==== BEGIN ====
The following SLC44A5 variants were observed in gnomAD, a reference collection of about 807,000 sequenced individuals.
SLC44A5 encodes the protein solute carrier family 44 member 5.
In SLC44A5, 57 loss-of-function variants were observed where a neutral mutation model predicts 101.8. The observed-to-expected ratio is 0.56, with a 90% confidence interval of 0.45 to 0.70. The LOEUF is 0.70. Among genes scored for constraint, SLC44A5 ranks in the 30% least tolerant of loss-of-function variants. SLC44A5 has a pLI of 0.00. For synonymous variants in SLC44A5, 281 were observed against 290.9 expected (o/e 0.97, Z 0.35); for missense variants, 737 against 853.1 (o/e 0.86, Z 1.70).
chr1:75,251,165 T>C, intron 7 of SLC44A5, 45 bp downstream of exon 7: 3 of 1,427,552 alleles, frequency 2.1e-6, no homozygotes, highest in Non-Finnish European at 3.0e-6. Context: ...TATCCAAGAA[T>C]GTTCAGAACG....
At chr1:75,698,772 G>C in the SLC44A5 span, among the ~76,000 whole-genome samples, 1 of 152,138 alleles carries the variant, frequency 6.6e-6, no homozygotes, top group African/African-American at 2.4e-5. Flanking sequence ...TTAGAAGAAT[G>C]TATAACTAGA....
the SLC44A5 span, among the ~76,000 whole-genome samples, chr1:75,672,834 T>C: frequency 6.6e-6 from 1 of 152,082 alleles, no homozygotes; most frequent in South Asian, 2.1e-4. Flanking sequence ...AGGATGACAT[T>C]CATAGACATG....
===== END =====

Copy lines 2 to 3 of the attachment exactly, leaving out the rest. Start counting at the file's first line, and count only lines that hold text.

SLC44A5 encodes the protein solute carrier family 44 member 5.
In SLC44A5, 57 loss-of-function variants were observed where a neutral mutation model predicts 101.8. The observed-to-expected ratio is 0.56, with a 90% confidence interval of 0.45 to 0.70. The LOEUF is 0.70. Among genes scored for constraint, SLC44A5 ranks in the 30% least tolerant of loss-of-function variants. SLC44A5 has a pLI of 0.00. For synonymous variants in SLC44A5, 281 were observed against 290.9 expected (o/e 0.97, Z 0.35); for missense variants, 737 against 853.1 (o/e 0.86, Z 1.70).